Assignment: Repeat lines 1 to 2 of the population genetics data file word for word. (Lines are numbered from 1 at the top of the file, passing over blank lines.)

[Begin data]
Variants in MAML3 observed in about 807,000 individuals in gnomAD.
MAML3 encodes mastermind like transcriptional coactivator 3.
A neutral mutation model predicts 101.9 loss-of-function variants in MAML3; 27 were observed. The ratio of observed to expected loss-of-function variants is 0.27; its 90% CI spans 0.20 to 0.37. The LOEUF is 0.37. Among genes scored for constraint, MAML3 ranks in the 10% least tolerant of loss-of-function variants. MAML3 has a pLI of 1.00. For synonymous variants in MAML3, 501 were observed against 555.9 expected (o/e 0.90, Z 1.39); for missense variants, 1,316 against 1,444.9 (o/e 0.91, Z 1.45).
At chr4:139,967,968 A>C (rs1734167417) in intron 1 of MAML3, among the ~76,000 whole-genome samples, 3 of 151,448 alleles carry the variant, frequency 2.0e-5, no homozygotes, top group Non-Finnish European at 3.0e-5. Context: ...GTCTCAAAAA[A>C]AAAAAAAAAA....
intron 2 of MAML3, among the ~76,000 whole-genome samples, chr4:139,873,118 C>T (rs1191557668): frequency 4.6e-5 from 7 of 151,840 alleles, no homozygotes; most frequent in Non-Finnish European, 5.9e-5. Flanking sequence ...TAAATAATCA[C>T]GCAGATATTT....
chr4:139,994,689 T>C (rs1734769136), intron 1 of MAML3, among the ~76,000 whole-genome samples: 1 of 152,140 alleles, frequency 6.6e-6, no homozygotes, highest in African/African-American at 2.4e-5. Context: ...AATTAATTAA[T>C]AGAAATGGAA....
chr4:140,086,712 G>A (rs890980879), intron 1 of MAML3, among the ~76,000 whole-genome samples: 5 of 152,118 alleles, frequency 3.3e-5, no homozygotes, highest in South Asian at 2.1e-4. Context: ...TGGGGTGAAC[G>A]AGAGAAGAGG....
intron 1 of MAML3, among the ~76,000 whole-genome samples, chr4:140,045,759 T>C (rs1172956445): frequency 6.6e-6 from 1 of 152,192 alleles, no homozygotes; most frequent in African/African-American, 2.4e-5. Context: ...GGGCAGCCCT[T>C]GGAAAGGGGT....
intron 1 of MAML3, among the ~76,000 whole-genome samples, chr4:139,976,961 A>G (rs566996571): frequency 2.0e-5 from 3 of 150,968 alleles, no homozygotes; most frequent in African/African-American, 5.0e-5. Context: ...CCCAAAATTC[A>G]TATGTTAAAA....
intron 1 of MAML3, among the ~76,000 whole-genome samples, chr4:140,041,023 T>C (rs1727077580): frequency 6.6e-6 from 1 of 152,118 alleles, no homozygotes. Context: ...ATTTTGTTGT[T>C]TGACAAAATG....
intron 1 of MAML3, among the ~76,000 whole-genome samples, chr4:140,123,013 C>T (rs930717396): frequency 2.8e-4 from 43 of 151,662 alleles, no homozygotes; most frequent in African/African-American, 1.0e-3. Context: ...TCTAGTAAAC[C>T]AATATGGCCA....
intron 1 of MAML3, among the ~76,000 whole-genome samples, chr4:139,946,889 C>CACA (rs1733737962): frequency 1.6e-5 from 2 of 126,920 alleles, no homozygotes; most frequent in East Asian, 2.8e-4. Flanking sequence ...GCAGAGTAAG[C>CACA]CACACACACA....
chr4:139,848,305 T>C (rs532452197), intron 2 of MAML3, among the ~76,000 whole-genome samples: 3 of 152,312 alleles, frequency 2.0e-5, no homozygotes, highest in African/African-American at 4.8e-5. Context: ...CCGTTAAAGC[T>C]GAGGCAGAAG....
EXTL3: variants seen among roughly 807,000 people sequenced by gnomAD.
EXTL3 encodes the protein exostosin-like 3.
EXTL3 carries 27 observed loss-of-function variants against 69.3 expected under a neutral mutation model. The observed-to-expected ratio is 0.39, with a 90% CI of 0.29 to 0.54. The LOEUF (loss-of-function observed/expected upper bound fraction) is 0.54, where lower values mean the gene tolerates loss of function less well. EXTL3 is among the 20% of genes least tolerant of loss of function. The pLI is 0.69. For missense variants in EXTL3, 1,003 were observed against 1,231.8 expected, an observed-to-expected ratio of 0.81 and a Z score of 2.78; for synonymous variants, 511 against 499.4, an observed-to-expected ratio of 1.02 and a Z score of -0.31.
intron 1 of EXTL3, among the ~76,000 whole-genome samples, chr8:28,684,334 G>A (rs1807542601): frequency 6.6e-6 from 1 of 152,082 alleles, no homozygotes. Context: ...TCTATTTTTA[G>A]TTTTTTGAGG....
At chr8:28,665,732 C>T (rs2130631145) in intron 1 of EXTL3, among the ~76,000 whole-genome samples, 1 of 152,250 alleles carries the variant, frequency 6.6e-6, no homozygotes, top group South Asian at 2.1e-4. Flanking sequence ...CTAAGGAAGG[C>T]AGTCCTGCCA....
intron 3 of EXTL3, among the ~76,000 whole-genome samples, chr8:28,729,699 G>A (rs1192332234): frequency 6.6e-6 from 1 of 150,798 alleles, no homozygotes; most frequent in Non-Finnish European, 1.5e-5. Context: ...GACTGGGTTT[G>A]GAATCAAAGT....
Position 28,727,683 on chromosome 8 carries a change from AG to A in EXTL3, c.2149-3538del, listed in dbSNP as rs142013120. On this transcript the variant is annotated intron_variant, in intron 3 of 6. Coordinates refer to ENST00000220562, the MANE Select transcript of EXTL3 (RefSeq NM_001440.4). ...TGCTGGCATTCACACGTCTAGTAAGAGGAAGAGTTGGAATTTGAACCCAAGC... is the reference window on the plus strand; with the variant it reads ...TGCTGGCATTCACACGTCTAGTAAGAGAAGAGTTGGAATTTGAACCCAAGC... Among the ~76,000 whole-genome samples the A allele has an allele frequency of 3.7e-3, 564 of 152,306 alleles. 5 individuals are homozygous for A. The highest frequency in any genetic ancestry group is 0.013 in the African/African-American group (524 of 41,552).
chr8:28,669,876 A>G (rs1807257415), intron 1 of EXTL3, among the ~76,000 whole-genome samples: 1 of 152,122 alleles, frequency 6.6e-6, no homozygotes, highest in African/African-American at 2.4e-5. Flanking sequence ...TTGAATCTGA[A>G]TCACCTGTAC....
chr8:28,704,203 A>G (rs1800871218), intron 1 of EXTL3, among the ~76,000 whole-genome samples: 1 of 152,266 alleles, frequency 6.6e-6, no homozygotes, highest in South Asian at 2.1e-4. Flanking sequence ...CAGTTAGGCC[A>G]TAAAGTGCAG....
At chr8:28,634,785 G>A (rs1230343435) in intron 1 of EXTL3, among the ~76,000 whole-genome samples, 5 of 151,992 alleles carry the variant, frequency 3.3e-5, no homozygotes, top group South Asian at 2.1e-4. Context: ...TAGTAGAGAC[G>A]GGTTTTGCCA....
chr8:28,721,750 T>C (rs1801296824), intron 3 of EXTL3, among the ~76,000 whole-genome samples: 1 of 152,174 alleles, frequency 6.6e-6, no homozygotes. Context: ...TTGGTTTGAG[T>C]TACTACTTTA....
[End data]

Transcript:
Variants in MAML3 observed in about 807,000 individuals in gnomAD.
MAML3 encodes mastermind like transcriptional coactivator 3.